Hidden Realities: Lawrence Krauss’s Trip to Alaska
Meeting Notes - SPS Reporters at Science Conferences
Hidden Realities: Lawrence Krauss’s Trip to Alaska
Georgeanna Heaverley, SPS Member, University of Alaska Fairbanks
Once I chose to return to school to study physics, joining the Society of Physics Students has been the highlight of my career at the University of Alaska Fairbanks (UAF). We are a small chapter, but we have done everything from judging local science fairs to organizing large fundraisers, hosting stargazing parties, and even sending 12 students to the 2016 Quadrennial Physics Congress in San Francisco. But our most ambitious goal was to bring a renowned physicist to UAF to hold a public lecture, and we wanted to think big.
A past generation of SPS members had brought Nobel laureate Richard Feynman to UAF. We set our sights just as high as our predecessors had. On a tepid evening last May, in the company of the increasingly persistent midnight sun, I sat down with two other SPS members and composed an email to Dr. Lawrence Krauss, a renowned theoretical physicist, author, and educator.
I first saw Lawrence Krauss on the Science Channel five years ago, on the program How the Universe Works. I could see his affinity for the public understanding of science, and he quickly became my favorite physicist. His documentary with Richard Dawkins and his bestselling book, “A Universe from Nothing,” were the inspiration behind my decision to go back to school as an older student and get a degree in physics.
We invited Krauss to visit Fairbanks and share his expertise, noting that it would greatly inspire us as future physicists, and making sure to mention Professor Feynman’s past trip. I was not sure we would even receive a response.
Within one hour of sending the invitation, Krauss personally responded. “It is hard to turn down an invitation like this, especially to follow in Feynman’s footsteps,” he wrote. “Let’s try and make this happen.” We were ecstatic.
After long negotiations, we arrived at a deal and a date was set. It was 20º below when Dr. Krauss landed in Fairbanks, typical for early March. Our Society’s vice president, Riley, and I met him at the airport. We set off on the short ride to the hotel, and as we drove away from the lights of the airport Dr. Krauss received the greatest welcome that Alaska could give him—a front row seat to the aurora borealis. He could not contain his awe as the vivid green ribbons danced across the sky. Even Riley and myself, both lifelong Alaskans, agreed they were some of the best lights we had ever seen. We left Dr. Krauss to marvel at one of the crown jewels of Alaska, and made plans to pick him up in the morning.
Dr. Krauss’s public lecture was titled, “Hidden Realities: The Greatest Story Ever Told… So Far,” and it was about his upcoming book of the same title. Over 500 people turned out to hear the lecture. The auditorium was standing room only!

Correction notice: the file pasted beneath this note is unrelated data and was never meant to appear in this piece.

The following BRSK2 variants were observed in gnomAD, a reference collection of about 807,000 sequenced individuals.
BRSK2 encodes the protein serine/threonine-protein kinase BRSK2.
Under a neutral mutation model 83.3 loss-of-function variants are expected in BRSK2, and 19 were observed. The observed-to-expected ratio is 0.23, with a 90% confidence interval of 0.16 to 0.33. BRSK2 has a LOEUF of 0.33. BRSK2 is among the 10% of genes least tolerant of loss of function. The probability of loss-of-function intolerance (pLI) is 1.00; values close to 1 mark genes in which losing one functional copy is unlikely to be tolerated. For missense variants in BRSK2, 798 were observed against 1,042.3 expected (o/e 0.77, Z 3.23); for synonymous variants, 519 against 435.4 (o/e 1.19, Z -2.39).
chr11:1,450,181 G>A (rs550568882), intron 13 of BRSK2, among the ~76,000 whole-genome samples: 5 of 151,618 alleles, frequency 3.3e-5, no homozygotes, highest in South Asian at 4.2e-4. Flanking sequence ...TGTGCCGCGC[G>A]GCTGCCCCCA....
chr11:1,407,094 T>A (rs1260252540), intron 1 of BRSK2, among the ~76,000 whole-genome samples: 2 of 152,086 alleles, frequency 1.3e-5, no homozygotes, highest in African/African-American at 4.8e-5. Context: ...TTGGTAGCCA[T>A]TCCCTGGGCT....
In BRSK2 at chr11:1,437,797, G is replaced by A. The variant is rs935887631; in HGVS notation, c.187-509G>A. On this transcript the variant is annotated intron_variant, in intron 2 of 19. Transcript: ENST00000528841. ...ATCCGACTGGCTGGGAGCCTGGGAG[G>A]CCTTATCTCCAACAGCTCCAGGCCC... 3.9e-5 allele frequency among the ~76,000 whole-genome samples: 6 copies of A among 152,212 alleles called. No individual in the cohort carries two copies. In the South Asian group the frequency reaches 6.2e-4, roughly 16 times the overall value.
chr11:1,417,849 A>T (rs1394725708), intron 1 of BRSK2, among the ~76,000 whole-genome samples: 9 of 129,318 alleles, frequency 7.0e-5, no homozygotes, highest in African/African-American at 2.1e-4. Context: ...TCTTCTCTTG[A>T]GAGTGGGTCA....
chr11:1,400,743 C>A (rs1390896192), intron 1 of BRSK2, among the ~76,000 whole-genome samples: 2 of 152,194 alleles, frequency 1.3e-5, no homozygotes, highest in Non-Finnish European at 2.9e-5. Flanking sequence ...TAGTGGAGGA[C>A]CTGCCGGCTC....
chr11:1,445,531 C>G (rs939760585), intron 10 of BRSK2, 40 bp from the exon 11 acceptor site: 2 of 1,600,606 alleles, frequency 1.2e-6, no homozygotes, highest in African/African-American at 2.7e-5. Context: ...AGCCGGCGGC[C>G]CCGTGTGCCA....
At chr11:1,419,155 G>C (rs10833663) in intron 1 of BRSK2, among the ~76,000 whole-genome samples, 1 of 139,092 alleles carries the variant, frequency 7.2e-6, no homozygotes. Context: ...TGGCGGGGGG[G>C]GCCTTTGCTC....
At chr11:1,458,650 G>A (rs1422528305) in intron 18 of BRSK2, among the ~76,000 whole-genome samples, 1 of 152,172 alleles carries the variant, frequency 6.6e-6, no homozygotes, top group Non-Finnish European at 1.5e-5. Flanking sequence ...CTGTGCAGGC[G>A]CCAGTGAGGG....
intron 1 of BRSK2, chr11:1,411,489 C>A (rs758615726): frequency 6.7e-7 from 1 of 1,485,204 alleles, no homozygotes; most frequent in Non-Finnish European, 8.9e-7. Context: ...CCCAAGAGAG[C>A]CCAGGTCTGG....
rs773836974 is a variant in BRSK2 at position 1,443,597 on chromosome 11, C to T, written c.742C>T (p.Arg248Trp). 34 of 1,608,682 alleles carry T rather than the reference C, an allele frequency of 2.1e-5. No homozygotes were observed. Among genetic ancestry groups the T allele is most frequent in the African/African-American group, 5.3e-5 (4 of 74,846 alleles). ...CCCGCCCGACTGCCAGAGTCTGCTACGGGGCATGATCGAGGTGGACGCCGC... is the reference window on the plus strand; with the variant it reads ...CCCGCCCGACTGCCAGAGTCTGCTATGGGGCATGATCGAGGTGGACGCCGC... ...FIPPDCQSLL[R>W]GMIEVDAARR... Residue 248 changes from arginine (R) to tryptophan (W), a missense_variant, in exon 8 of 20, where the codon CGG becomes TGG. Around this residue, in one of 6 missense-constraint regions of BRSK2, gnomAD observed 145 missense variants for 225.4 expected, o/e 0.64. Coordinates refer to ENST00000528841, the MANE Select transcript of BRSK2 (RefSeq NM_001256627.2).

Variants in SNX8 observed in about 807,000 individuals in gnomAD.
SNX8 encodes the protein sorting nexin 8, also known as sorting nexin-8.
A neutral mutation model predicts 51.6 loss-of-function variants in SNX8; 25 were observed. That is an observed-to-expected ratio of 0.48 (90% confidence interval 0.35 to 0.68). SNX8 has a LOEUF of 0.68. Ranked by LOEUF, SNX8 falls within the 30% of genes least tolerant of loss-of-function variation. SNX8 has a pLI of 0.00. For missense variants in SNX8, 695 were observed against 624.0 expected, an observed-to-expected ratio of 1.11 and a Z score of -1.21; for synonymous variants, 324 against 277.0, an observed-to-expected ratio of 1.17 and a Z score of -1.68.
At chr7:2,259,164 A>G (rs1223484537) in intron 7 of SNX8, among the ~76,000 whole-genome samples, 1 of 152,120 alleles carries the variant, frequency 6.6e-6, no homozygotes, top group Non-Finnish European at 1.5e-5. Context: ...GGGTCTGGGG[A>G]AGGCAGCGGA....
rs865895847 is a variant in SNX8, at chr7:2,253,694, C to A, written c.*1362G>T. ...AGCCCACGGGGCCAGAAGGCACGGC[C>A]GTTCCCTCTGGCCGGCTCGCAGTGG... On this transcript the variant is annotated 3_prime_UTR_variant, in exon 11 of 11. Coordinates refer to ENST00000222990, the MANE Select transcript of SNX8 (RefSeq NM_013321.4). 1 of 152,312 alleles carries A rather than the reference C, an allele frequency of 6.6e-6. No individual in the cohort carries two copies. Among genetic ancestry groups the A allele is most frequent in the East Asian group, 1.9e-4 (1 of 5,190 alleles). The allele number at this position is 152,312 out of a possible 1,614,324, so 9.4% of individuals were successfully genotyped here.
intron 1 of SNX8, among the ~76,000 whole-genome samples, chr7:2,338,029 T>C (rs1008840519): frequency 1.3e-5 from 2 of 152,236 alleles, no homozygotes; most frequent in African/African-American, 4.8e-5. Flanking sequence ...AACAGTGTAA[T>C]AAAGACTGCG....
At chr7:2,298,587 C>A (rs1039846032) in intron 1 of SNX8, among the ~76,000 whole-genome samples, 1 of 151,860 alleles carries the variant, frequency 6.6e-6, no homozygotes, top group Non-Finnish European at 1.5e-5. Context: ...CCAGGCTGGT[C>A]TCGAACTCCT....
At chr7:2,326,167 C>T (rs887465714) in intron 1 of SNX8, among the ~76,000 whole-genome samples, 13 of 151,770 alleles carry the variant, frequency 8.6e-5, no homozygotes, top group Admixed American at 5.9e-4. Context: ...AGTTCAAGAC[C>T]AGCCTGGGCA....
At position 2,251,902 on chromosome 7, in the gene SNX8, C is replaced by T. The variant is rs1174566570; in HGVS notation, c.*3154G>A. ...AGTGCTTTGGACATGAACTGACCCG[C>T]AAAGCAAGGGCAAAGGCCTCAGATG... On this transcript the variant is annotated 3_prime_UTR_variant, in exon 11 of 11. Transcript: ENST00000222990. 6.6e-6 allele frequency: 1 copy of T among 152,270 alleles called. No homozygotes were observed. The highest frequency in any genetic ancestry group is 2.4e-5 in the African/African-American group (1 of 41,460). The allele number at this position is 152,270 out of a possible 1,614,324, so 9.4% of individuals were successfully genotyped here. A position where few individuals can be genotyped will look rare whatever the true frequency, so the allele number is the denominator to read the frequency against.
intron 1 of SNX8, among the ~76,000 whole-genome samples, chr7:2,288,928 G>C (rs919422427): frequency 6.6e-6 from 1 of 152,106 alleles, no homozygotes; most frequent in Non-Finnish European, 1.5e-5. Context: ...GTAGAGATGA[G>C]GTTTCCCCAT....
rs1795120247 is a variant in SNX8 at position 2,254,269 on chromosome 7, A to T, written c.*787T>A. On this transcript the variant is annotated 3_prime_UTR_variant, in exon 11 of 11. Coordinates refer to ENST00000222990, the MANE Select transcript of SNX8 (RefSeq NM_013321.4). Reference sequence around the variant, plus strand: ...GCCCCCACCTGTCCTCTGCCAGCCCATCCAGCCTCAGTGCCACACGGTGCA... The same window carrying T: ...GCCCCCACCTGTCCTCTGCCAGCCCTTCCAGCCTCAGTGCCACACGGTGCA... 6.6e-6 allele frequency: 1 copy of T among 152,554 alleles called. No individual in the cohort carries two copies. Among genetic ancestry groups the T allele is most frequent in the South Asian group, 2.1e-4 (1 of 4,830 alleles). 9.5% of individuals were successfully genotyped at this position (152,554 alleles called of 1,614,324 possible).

Dr. Krauss was electric as he discussed the progression of humankind’s understanding of the universe and the great minds that got us there. From Plato to Faraday, from Maxwell to Einstein and Feynman—he explained our grasp of the physical phenomena that surrounds us.
He explained the importance of the Higgs boson in a way everyone could actually understand. He stressed the importance of scientific discovery and how it contributes to our picture of reality. One point that truly resonated with me was a quote from experimental physicist Robert R. Wilson, the first director of Fermilab. Dr. Krauss told us that when asked by Congress if the new particle accelerator would contribute to our national security, Wilson responded, “It has nothing to do directly with defending our country, except to make it worth defending.” These words remind me how important it is to remember this very thing: scientific inquiry and discovery make our lives worth something.
After the lecture, Dr. Krauss signed autographs, posed for photos, and answered questions for nearly an hour. After leaving the auditorium, he said the size of the crowd was truly humbling; he did not expect that kind of showing.
The following day was packed with uniquely Alaskan activities. We toured the Cold Regions Research Engineering Laboratory permafrost tunnel, spotting remnants of Pleistocene animals and huge chunks of ice, all tens of thousands of years old. We viewed sculptures at the World Ice Art Championships, and even sent Dr. Krauss on a short dogsled ride.
As I said goodbye to Lawrence Krauss that night, I thanked him for giving such an incredible lecture, and for coming to our frozen town with such a positive attitude, willing to take on the adventure of Alaska.
To all the little SPS organizations out there: Set your sights high. We never could have dreamed we would be hosting such a renowned scientist in our little town in Alaska. These things don’t happen every day. It was certainly hard work to organize this trip, but what we accomplished is proof that you, too, can do it. All you have to do is ask.
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